In a couple of weeks, he’s off to Germany for cosmonaut training for the movie he’s making with Claire Denis. It’s about another ex-con, this time in space as part of a human reproduction experiment. He mentioned it in a Q&A session in LA after a screening of Good Time, and no one in the audience had heard of Denis. Such is Pattinson’s particular taste.
“I don’t think Claire has made a bad movie in, like, 20, but I don’t know if any have been commercially successful!” he laughs. “That’s what it’s like in France. There’s a market there for less conventionally commercial movies, and that’s the world I want to be a part of. I just want to do stuff that people are only making for themselves, because it ends up being, by definition, more singular.”
The project that has him excited comes at the end of the year: The Devil All the Time, by Antonio Campos, who made Christine last year, a brilliant drama about a depressive Seventies news anchor in Florida. (For the record, Pattinson cold-called him too.) “There’s this line in it — and sometimes that’s all you need. And it’s like, ‘Ooh... that’s scary to say’. Because it’ll go down in posterity and I’ll be the one saying it. You literally cannot get darker. It’s fucking dark. This character is an evangelical preacher in the South in the Fifties, but he’s gleefully bad and kind of funny and charismatic too. I know, it’s irresistible.” Like, sexually repulsive, violent?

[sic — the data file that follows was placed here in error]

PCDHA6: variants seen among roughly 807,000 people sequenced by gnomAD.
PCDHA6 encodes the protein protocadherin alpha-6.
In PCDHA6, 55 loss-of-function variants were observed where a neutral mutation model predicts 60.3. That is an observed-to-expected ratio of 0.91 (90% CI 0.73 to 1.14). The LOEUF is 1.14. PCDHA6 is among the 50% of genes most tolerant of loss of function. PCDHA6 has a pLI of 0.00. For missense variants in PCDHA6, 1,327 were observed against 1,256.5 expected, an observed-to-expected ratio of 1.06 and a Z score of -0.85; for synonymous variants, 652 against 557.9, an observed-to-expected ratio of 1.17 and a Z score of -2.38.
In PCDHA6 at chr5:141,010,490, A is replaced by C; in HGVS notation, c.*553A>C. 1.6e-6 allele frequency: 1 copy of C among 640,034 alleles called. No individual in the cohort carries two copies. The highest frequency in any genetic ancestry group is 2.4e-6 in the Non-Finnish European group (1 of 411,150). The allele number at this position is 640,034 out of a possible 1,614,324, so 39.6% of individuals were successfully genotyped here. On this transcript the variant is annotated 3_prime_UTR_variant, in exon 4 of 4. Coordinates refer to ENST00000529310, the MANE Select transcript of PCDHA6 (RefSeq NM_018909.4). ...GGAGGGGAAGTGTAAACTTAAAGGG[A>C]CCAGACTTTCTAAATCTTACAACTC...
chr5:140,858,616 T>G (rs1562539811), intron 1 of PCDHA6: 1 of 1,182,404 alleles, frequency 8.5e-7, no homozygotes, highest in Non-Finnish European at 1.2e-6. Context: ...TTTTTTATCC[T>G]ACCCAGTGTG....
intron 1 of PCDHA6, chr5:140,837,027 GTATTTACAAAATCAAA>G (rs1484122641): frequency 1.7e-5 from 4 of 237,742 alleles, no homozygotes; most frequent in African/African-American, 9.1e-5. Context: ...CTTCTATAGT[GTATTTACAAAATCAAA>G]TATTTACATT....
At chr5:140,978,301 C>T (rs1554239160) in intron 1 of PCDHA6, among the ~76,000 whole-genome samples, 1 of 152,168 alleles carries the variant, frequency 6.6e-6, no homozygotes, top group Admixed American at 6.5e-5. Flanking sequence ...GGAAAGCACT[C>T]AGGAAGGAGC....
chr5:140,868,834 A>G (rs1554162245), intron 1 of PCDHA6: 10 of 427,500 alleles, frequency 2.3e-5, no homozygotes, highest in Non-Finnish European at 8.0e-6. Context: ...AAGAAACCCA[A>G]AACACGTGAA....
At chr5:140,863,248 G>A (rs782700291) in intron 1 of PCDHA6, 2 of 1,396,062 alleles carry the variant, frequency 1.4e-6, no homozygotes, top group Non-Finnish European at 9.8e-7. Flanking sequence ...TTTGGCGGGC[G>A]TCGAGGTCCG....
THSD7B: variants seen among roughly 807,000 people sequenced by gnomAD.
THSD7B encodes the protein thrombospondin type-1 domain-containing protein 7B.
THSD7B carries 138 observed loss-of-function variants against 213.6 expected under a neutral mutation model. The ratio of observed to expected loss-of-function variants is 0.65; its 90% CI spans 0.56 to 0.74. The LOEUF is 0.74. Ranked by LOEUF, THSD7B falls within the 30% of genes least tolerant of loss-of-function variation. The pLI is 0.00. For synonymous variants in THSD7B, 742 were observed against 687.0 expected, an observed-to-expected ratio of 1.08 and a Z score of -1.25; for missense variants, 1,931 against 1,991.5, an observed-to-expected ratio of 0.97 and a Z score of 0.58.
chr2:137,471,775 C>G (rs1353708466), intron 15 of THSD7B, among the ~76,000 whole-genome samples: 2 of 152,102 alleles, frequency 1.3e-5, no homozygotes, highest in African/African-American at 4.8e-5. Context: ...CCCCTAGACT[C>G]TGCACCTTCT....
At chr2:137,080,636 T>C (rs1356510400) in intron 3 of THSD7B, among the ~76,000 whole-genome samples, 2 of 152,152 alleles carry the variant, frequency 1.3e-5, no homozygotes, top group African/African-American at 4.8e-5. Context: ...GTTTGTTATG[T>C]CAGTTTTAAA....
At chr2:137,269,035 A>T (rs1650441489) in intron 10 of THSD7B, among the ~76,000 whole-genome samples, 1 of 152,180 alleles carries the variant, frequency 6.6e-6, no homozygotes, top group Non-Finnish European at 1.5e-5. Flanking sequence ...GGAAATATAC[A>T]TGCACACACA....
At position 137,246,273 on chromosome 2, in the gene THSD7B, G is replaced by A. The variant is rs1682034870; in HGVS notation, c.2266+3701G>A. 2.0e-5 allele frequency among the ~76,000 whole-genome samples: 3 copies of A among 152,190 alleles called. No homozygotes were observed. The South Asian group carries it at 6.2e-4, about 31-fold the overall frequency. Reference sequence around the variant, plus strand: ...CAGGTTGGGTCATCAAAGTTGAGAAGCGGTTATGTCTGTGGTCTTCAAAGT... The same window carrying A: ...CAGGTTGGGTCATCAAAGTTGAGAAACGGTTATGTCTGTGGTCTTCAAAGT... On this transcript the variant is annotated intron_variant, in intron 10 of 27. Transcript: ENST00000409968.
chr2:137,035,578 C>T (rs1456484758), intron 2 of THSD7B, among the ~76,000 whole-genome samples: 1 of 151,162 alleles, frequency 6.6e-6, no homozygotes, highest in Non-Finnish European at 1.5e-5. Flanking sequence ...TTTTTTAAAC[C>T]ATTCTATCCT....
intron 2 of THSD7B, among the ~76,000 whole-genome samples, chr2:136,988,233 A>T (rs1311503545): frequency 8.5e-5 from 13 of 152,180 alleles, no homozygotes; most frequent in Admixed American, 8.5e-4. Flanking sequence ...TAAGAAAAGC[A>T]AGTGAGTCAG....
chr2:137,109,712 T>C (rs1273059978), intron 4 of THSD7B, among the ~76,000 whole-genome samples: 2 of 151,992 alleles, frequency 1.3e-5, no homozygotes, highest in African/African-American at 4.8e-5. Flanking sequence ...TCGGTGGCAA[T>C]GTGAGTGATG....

“Mmm... yes, all that. But you know when actors say, ‘I refuse to play someone who does something bad.’ I’m, like, why? That’s fucking crazy. You can’t do anything bad in your real life. I think if someone needs to play a hero all the time, it’s probably because they’re doing really gross stuff in their real life.”
So you’re telling me, this is the only chance you get to be bad?
He laughs, and gets up to put on his Lacoste jacket, his camouflage, and flips up the hoodie underneath. Now he’s safe to leave our meeting without causing an incident. But it’s impossible now not to see shades of Connie, the sociopath bank robber from Queens.
“Yeah,” he grins. “The rest of the time, I’m an angel!”
Good Time is out on 3 November